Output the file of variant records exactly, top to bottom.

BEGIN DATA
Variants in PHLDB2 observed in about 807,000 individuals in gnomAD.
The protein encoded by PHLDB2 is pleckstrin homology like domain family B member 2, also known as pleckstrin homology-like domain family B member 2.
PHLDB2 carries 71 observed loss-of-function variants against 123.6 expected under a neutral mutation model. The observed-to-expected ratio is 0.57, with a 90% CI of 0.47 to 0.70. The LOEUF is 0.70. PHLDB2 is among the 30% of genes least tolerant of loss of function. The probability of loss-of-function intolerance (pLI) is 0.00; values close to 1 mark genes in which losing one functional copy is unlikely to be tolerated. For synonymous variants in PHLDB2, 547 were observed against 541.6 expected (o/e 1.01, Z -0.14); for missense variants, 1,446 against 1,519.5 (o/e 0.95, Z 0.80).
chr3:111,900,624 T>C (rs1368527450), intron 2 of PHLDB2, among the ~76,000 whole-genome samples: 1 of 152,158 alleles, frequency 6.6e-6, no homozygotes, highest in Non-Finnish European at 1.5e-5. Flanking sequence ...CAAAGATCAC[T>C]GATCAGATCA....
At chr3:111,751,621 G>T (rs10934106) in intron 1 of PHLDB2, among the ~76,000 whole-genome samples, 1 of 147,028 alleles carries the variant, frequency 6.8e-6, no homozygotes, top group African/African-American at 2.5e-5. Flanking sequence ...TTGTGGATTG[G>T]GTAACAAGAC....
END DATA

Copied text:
Variants in PHLDB2 observed in about 807,000 individuals in gnomAD.
The protein encoded by PHLDB2 is pleckstrin homology like domain family B member 2, also known as pleckstrin homology-like domain family B member 2.
PHLDB2 carries 71 observed loss-of-function variants against 123.6 expected under a neutral mutation model. The observed-to-expected ratio is 0.57, with a 90% CI of 0.47 to 0.70. The LOEUF is 0.70. PHLDB2 is among the 30% of genes least tolerant of loss of function. The probability of loss-of-function intolerance (pLI) is 0.00; values close to 1 mark genes in which losing one functional copy is unlikely to be tolerated. For synonymous variants in PHLDB2, 547 were observed against 541.6 expected (o/e 1.01, Z -0.14); for missense variants, 1,446 against 1,519.5 (o/e 0.95, Z 0.80).
chr3:111,900,624 T>C (rs1368527450), intron 2 of PHLDB2, among the ~76,000 whole-genome samples: 1 of 152,158 alleles, frequency 6.6e-6, no homozygotes, highest in Non-Finnish European at 1.5e-5. Flanking sequence ...CAAAGATCAC[T>C]GATCAGATCA....
At chr3:111,751,621 G>T (rs10934106) in intron 1 of PHLDB2, among the ~76,000 whole-genome samples, 1 of 147,028 alleles carries the variant, frequency 6.8e-6, no homozygotes, top group African/African-American at 2.5e-5. Flanking sequence ...TTGTGGATTG[G>T]GTAACAAGAC....